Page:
Mann's model in 1493 is that Columbus and successors effectively put Pangea back together, with plants and animals and pests and people moving back and forth around the world again, with consequences wonderful and horrific.
AVI already reviewed it recently, so I won't retread the old ground.
Mann goes into detail about African/maroon pockets of rebellion with a lot of history that got marginalized along the way. A few points might need a little tweaking...
In Haiti after the successful revolution he suggests that an embargo caused the economy to collapse. Other narratives say that working in the sugar industry was never popular and efforts to goose the economy by compelling people to go back and work in the business hit serious resistance.
His description of the difference between African slavery and American plantation slavery leaves out a little detail: slaves in Africa were sometimes used for sacrifices.
In other curiosity, the importation of slaves into South America was larger than into the north, but seems not to have generated proportional african ancestry populations. From Roll Jordan Roll, p 5.
Of all the slave societies in the New World, that of the Old South alone maintained a slave force that reproduced itself. Less than 400,000 imported Africans had, by 1860, become an American black population of more than 4,000,000.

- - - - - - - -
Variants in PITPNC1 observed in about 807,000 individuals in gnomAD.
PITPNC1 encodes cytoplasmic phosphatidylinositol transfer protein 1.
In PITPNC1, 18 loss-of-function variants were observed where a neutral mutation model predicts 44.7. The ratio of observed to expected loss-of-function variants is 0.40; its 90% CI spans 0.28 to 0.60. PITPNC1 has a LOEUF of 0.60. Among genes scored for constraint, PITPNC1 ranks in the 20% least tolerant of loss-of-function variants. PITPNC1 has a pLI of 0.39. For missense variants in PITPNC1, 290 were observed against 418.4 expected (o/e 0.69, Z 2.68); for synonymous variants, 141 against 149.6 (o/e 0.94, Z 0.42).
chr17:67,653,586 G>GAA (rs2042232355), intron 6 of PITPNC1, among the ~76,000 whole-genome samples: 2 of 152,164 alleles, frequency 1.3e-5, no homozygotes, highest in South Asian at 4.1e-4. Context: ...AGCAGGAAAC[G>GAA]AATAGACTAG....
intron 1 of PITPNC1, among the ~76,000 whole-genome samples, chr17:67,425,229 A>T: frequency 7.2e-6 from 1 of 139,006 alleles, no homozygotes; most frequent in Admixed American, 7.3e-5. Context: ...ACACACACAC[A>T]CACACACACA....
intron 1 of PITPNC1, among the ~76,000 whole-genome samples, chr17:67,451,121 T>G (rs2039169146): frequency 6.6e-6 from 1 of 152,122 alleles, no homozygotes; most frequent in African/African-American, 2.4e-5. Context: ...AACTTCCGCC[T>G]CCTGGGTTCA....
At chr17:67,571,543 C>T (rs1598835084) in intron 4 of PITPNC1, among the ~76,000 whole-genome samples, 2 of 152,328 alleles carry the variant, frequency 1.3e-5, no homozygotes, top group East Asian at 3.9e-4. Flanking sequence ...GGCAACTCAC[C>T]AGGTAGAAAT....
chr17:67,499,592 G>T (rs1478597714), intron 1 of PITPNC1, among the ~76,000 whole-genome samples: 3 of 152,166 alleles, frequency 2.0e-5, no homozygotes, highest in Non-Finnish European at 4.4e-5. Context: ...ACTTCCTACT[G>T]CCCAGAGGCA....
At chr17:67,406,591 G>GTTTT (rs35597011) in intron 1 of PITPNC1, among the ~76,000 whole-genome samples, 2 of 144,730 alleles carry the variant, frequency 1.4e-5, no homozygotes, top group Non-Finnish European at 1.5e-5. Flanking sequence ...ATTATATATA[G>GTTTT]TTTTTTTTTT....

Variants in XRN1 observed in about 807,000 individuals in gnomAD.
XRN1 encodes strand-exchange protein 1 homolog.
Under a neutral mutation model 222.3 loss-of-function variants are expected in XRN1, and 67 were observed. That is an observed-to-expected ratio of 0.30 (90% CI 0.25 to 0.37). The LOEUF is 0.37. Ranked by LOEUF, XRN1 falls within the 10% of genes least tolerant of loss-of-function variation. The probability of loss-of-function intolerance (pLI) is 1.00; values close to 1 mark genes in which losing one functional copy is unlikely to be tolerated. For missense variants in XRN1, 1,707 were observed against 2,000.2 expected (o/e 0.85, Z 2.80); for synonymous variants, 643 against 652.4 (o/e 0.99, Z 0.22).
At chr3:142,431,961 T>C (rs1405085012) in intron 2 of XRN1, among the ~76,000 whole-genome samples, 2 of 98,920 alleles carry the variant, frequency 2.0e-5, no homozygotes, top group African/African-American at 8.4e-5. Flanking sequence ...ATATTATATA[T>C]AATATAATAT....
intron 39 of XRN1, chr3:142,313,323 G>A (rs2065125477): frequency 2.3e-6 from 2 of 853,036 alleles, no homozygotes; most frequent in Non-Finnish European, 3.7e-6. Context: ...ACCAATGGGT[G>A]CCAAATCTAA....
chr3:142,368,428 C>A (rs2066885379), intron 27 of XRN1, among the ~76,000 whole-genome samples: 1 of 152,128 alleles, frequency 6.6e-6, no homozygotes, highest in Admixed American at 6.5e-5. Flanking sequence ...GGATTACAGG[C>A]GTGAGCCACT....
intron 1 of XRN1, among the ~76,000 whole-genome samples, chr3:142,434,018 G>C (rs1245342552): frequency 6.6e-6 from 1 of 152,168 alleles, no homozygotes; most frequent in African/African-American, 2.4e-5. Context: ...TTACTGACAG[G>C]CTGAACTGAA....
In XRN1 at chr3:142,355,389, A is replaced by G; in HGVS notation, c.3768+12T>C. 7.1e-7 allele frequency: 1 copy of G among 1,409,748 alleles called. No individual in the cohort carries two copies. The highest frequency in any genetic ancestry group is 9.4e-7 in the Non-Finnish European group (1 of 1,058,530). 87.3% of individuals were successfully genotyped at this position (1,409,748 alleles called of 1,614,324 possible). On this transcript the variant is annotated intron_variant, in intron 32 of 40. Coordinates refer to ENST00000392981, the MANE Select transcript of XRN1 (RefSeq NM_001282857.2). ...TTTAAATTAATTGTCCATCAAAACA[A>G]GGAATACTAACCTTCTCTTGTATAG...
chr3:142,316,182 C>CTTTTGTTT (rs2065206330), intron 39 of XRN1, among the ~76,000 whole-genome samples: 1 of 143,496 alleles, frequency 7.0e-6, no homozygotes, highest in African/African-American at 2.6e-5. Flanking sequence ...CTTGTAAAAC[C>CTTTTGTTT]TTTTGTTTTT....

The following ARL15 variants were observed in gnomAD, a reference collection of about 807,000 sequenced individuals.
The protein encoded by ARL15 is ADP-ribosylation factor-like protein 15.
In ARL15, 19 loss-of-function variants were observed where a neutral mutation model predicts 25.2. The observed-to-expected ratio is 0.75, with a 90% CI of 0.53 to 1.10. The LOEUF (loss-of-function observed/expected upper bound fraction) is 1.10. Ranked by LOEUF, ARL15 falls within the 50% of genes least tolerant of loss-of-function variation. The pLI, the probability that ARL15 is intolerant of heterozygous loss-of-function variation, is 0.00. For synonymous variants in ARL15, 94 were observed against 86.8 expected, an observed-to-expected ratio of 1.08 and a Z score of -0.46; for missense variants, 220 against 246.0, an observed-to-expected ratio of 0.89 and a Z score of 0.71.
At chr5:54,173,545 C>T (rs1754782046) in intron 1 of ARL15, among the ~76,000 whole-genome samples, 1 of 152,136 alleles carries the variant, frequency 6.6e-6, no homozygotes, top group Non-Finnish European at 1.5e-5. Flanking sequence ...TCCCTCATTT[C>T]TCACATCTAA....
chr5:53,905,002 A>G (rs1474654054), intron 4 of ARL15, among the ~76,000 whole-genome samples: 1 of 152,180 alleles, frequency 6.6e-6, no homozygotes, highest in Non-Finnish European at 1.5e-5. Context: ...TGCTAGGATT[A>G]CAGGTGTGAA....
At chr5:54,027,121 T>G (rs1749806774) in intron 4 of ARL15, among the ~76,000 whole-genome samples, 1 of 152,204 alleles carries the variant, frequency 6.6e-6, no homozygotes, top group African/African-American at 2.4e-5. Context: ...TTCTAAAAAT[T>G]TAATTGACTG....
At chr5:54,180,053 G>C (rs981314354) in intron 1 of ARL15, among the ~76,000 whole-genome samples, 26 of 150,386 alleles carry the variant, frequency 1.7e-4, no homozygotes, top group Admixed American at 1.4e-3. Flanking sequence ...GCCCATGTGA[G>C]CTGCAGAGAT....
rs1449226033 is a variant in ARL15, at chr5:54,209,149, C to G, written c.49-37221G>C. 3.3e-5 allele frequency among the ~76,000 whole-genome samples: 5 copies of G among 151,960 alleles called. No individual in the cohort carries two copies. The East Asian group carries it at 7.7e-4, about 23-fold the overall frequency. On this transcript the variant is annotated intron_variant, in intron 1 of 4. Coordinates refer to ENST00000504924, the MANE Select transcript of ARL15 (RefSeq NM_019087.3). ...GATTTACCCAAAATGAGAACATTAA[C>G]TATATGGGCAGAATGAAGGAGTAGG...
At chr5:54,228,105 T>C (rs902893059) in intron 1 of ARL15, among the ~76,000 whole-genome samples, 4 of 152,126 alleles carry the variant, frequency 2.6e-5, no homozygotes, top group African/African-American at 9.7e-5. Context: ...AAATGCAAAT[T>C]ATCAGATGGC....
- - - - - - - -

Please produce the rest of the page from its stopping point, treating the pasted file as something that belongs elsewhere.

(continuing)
Part of this is accounted for by racial mixing which is much larger in (e.g.) Brazil than in the USA, but even so the modern proportions seem to match the importation proportions so poorly that I have to assume a large fraction of the slaves in the southern hemisphere died before having families, probably not long after arrival. Although West Africans have a relatively better tolerance for malaria, it still kills a lot of them.
(FWIW, other sources noticed that the vast number of African slaves imported into the Middle East seem to have left little impact. Those sent to the mines probably died, and the men kept for domestic servants were probably mostly eunuchs, but that leaves quite a few women who should have made some mark on the gene pool.)
The description of Chinese money policies has some horribly familiar parts (inflation by printing more paper money: and then doing it again, and again without learning a thing--yes, I'm thinking of you, Bernanke) and some novel (new emperor mints coins with his name and declares all old coins worthless), and then the reactions got weirder.
Go read it.